Solid-State Drivers (SSD)

Retired By Retired, 16th Sep 2010 | Follow this author | RSS Feed | Short URL
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Solid-state drives are a hot commodity with enthusiasts these days. Although SSDs are still exponentially more expensive on a cost-per-gigabyte basis than traditional spinning platter-based hard drives, competition in the segment has put the drives within reach of many more power users than was the case even just a few months ago.

SSD Tips, Tricks & Tweaks

It is now possible to
score an inexpensive SSD to use as a
boot volume for well under $100.
When paired with an inexpensive, standard hard drive, SSD users can have the best of both worlds—ultra-low access times and speedy transfer times from the solid-state volume and cheap bulk storage from the HDD. A fast SSD and high-capacity hard drive have become the preferred storage configuration for a large percentage of power users.

The relative affordability of currentgen SSDs is a definite boon to performance- conscious users. It has been said many times before, but it bears repeating here: Moving to solid-state storage is arguably the most effective and perceptible upgrade one could perform to a system. And although simply installing and using an SSD will result in increased performance under most circumstances, there are still a multitude of system modifications and tweaks you can perform to further enhance the performance and longevity of an SSD.

Primped, Primed & Ready
A handful of SSD optimizations should be performed before an operating system is installed or a single file is even copied to the drive. In particular, we recommend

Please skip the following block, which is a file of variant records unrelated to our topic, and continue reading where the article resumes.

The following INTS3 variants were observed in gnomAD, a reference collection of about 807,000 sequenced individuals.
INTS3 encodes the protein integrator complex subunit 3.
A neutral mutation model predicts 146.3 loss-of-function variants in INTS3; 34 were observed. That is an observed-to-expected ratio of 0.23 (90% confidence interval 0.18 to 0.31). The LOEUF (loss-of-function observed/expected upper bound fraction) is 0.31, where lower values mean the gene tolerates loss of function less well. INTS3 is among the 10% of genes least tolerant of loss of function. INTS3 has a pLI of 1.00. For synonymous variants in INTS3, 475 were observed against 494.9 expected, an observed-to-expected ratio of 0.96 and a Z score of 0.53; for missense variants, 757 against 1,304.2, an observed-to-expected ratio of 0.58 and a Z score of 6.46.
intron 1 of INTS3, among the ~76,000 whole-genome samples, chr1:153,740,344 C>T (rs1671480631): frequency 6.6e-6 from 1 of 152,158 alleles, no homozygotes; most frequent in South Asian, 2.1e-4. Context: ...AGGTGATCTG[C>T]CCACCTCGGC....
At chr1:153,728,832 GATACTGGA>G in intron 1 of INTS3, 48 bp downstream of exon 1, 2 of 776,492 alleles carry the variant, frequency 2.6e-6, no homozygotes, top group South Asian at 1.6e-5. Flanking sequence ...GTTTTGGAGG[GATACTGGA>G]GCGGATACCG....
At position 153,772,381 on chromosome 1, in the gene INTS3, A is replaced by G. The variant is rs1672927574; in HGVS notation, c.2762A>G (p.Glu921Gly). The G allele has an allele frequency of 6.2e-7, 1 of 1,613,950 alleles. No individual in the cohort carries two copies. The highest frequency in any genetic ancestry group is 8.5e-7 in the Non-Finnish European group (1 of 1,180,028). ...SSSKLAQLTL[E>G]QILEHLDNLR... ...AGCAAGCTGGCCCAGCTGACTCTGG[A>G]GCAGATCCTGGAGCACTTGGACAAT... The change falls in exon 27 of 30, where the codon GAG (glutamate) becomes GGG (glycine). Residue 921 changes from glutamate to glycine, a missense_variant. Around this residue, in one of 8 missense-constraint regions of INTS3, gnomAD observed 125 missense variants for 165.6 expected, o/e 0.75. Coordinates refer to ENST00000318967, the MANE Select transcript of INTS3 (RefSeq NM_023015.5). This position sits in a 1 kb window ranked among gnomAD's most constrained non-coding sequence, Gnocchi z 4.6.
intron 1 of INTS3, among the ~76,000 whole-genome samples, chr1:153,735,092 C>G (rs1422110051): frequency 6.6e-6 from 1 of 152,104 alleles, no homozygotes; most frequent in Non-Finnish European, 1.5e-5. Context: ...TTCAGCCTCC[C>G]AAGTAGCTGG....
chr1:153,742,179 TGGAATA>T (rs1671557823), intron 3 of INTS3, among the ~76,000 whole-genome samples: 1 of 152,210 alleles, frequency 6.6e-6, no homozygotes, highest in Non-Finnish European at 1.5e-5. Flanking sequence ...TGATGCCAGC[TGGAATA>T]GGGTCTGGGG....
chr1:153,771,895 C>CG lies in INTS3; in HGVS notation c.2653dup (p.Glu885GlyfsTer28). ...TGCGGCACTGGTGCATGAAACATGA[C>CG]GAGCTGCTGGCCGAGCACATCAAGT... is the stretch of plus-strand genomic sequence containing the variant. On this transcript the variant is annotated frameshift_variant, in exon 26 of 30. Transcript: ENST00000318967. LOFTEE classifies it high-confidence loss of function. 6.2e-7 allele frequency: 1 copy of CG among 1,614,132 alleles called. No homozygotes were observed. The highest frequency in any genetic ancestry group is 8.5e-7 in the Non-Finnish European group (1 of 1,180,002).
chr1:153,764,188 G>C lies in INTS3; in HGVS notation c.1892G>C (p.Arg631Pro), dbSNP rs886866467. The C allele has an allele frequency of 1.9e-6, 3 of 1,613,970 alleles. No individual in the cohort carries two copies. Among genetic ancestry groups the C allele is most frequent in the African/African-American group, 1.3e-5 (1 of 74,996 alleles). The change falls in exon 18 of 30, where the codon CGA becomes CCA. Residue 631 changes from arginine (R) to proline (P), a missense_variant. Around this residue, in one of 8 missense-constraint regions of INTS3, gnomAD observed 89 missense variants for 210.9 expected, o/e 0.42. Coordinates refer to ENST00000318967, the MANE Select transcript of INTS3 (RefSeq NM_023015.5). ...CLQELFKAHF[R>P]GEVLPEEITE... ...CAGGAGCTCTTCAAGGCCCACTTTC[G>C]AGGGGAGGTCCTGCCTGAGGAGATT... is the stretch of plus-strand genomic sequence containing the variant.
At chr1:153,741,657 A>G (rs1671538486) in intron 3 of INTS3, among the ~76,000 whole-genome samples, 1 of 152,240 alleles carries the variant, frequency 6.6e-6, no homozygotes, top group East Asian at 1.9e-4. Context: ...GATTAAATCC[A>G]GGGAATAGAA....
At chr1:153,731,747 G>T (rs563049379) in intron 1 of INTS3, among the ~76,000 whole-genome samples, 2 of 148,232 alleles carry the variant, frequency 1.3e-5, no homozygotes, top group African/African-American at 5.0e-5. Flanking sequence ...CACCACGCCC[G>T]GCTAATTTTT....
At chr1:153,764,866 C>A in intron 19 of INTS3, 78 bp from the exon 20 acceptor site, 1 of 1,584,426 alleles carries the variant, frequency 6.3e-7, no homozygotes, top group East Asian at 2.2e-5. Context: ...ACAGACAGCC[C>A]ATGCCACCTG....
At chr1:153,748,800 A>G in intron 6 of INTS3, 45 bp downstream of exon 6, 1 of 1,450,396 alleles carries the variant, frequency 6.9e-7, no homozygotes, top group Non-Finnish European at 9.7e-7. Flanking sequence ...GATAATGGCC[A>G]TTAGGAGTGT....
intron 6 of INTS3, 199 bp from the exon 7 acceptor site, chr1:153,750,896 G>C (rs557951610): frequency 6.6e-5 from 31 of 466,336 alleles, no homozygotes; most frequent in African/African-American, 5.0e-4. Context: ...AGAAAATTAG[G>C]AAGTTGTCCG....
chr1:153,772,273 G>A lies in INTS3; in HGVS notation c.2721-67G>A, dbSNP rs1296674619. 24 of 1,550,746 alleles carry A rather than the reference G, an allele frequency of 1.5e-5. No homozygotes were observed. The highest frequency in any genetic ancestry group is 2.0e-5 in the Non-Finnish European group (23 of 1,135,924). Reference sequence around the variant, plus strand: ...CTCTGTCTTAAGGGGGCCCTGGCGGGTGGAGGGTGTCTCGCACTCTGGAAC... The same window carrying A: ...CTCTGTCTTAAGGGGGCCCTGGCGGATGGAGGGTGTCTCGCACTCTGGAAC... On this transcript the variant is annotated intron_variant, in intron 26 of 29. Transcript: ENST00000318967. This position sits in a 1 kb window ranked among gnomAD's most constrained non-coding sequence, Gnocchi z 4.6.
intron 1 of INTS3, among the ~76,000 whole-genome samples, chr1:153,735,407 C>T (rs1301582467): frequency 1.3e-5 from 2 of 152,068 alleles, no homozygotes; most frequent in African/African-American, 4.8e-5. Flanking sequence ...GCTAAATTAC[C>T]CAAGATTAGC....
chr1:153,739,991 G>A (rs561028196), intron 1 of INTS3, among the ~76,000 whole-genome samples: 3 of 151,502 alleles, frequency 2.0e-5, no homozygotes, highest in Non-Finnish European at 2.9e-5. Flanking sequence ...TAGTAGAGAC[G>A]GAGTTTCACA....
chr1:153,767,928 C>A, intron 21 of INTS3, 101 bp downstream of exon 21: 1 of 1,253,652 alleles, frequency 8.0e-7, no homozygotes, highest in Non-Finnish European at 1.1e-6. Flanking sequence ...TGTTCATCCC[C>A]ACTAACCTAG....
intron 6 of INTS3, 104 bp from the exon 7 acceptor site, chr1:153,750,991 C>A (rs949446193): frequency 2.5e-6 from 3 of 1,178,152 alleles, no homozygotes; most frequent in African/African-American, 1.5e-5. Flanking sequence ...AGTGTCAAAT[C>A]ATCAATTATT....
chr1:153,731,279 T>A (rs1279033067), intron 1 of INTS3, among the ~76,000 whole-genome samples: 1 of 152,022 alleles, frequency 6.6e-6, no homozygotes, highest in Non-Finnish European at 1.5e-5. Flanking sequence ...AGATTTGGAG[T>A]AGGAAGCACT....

completing the following tasks before actually using your new SSD: update its firmware, secure-erase it, set the motherboard’s SATA ports to use AHCI (Advanced Host Controller Interface), and create any partitions using an SSDaware tool, such as the one built into Windows 7.
Updating the drive’s firmware is selfexplanatory. New SSD firmware typically introduces additional features (such as TRIM or garbage collection) or enhance performance, so it’s almost always worth updating. Keep in mind, though, that
some firmware updates are destructive and will wipe all data from the drive, which is why new SSD owners should check for firmware updates immediately.
Some will argue that secure-erasing an SSD before using it is unnecessary, and, for the most part, they’d be correct. But we’ve encountered more than one SSD that exhibited strange behavior and performance fresh out of the box, and secureerasing them resolved the issues. So take a minute and secure-erase the drive using a tool like HDD Erase before installing anything to the drive. We explained how to use HDD Erase in “Advanced Q&A Corner” a few months back.
I also recommend using AHCI mode with any modern SSD because legacy ATA specifications don’t have accommodations for several new features, including TRIM. Some SSDs have controllers that won’t benefit from using AHCI, but the latest drives that use Marvell or SandForce controllers will, and their performance will be increased
as a result. To use AHCI, you’ll have to enable it in the motherboard’s system BIOS before installing the OS. AHCI is also necessary for TRIM to function; you should definitely be using AHCI to maintain peak performance if your drive has TRIM support.
Finally, when setting up the drive for the first time, use an SSD-aware partition utility that will align the drive properly. Older partition tools from the pre-Vista era will likely create the first partition on an SSD at sector 63, which is usually in the middle of an SSD page. A misaligned SSD could degrade performance significantly and cause OS